by April 3, 2007 0 comments



Animation and 3D graphics is one of the largest growing sectors today. There
is a high demand for graphics artist specializing in software like AutoDesk 3D
Max, Maya etc. Although Max and Maya are the staple for 3D graphics work, they
both are a world apart in terms of functionality. Softimage’s XSI incorporates
the main features of both of them and blends them into its own interface. We
take a look at how a simple 3D object can be created using NURBS/Curve modeling
in XSI 6.

The interface
XSI offers an interface similar to that of Maya. On startup, you have to choose
which interaction mode you want to use. You can use Softimage’s own interaction
model or if you are familiar with other modeling software and know the common
interaction keyboard shortcuts then you can select the QWERTY tools option. The
main screen is split into four views -top, left, front and perspective-each
having their own title bars with icons for camera selection, view selection,
default axis and wireframe options. On the left is the main toolbar, which
displays various options for creating and modifying options for modeling,
rendering, animation and simulation. The right side has a toolbar for adjusting
various options such as selection and transformation of the objects creating in
the software. On the top is the main menu bar, which displays all the commands
in various menus. At the bottom is a timeline, a script editor alongwith
playback controls and a status bar.

Direct Hit!
Applies To:
Graphics designers, multimedia professionals
Price: Not available
USP: A unique 3D software which integrates the features of 3Ds
Max and Maya
Primary Link:
www.softimage.com

Google Keywords: XSI, softimage

Modeling
We assume that you have the working knowledge of Maya. Now let us create a
simple guitar using curve modeling. On the left hand toolbar, click on Primitive
tab in the Get menu, go to curve and click on circle. A box would pop up, with
the radius and number of subdivisions of the circle. Make the radius 1, and the
subdivisions 10. A circle would be displayed in all the four viewports. Press
‘M’ to enter vertices edit mode. Choose each of the vertices, and press B to
convert them into Bezier knots to get better adjustment capabilities. Now select
individual vertices and drag them up and down so that you get a rectangular
shape. This rectangular shape won’t be perfect, so don’t worry. Once you get a
basic rectangle shape, click on each of the vertices, you would notice that each
vertice displays two extending lines from its centre. Click on the end points of
these lines to adjust each vertex. Once you get a straight rectangle shape,
adjust the vertices left and right, so that you have a rectangle with curved
edges on each of the four corners.

After this is done, press ‘M’ again to get out of vertices edit mode. Click
on the rectangle curve you have created and adjust it as per your reference
image in the top viewport so that it shows at the bottom of the reference image.
Resize it to fit in the image’s displays, and press ‘Ctrl + D’ to duplicate the
existing curve line. Move the duplicate curve upward and resize it as per the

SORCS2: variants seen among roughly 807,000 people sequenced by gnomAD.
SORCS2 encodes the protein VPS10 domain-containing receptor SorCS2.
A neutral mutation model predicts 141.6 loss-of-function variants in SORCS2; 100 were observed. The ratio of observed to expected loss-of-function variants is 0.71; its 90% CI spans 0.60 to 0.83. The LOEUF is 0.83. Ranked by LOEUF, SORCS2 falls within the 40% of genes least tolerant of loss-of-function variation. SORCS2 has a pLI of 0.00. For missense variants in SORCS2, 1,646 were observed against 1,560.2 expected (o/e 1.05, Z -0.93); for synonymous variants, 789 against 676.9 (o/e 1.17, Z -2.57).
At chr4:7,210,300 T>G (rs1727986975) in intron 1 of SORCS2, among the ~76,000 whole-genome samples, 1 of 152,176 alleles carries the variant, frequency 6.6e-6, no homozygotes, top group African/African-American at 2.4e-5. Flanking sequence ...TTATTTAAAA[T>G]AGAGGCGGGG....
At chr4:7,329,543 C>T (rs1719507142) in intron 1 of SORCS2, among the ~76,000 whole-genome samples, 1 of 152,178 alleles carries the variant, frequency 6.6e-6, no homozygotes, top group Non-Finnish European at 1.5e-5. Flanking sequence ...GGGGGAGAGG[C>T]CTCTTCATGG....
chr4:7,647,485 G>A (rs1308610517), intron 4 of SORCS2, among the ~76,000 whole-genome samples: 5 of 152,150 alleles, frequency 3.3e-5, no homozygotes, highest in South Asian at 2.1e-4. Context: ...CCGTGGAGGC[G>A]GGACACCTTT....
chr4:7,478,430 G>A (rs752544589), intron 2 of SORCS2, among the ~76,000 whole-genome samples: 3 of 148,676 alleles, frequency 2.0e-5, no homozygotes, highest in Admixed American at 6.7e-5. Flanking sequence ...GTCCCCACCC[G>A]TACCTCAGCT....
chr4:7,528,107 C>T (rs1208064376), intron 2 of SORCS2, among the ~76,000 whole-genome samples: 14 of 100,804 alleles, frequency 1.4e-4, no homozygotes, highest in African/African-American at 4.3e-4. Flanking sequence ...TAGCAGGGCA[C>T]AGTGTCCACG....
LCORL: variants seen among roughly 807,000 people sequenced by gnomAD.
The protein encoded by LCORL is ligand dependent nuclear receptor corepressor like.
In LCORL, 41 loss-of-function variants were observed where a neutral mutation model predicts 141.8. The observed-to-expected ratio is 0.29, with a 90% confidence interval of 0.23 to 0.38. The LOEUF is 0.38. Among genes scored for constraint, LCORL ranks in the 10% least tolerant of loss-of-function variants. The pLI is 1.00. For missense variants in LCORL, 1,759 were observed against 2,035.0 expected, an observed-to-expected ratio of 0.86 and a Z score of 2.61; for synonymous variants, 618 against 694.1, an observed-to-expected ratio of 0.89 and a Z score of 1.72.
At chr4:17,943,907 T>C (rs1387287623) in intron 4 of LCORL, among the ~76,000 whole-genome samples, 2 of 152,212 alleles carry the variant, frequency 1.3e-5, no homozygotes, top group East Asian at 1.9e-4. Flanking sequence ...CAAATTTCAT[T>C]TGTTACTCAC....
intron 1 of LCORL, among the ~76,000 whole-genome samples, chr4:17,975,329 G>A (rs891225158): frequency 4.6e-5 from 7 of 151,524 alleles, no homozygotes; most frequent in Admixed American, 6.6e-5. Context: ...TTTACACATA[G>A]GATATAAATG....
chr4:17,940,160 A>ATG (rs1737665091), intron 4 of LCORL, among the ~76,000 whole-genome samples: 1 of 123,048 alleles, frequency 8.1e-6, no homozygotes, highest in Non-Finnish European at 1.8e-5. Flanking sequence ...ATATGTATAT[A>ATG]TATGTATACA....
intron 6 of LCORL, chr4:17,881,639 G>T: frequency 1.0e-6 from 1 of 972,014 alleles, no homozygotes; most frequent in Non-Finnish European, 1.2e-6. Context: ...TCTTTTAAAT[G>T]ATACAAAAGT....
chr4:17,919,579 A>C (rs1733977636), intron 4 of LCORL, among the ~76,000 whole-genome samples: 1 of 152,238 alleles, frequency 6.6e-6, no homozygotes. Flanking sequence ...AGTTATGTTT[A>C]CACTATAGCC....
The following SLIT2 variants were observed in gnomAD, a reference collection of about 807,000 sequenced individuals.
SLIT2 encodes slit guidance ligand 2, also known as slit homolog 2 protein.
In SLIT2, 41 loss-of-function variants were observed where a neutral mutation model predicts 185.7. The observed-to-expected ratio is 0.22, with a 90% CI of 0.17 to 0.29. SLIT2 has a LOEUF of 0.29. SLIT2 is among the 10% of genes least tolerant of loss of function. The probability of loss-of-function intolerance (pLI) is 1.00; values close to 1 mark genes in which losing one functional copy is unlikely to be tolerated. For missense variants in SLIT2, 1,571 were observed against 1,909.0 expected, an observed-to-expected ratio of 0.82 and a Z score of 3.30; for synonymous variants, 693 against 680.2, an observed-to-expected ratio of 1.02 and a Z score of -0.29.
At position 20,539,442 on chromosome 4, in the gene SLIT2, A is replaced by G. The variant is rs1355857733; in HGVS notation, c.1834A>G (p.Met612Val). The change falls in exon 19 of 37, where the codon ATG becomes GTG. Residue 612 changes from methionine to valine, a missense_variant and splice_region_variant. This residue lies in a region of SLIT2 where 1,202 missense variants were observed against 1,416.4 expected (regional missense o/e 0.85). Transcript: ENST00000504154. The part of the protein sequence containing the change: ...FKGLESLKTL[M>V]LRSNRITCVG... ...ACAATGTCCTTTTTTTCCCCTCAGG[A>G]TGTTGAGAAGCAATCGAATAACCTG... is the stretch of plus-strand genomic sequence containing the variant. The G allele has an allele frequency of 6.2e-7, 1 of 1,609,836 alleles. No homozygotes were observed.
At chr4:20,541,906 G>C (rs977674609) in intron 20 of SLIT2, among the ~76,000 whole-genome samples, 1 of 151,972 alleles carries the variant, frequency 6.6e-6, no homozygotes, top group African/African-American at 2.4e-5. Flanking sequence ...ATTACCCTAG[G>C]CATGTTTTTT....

reference image. Continue doing the same process till you cover the entire
reference image’s base. Make sure you duplicate the newly created curve that you
have resized and positioned, and not the main curve you created every time you
duplicate.


Rotoscope helps place
reference images in each viewport and adjust it to provide 3D reference
image in perspective viewport

Once you have made the base of the guitar, duplicate the last curve you made
and resize it to make the neckjoint of the guitar. Duplicate this curve again
and move it towards the top, take at least four curves to get the shape of the
fretboard.

Finally, create two more curves by duplication to create the headstock of the
guitar.


The vertices can be
resized or moved by drag and drop, however, multiple vertices cannot be
controlled at the same time

Surface and basic material
Once all the curves have been placed, start selecting them as per placement
order from bottom to up. Keep Shift pressed and use mouse click to select the
curves. Select all the base curves first and once selection is done, click on
surf mesh in the Create menu of the left toolbar and select Loft. A box with
various options would pop up, just leave everything at default and close the
box. Press ‘5’ on the keyboard to view the surface display in perspective
viewport. To get a better shape, go to the selection toolbar on the right and
click on the small circle just below the Knot tab. From the menu that pops up,
select Curve. Now on the 3D object, click on the desired curve and adjust it so
that you get a proper shape. Do the same for the neckjoint, fretboard and the
headstock. Once the surface has been applied, connect the open curves of the
base and the neckjoint, by selecting the two curves and using the loft feature.
Close lowermost and the topmost open gaps by resizing the associated curves.


The Blinn material
property box provides sliders to get the desired color/material effect on
the 3D object

To apply basic material, ins the get menu on the left toolbar click on
Material and select Blinn. This will bring up a box with slider bars. Slide the
bar till you get the desired color in the perspective view and once done, close
the box.

Press F5 to change the left side toolbar to render toolbar. Click on Render
at the bottom of the toolbar and select scene options. In the box that opens up,
change the scene output to the folder of your choice and leave ‘change the frame
end’ to 1. Click on Preview at the bottom of the toolbar, and your image would
be rendered. Click on ‘Save Image’ button and save the resulting image in the
folder of your choice.


You can save the preview
as an image, render object again and depict the amount of rendering as it
proceeds at the bottom

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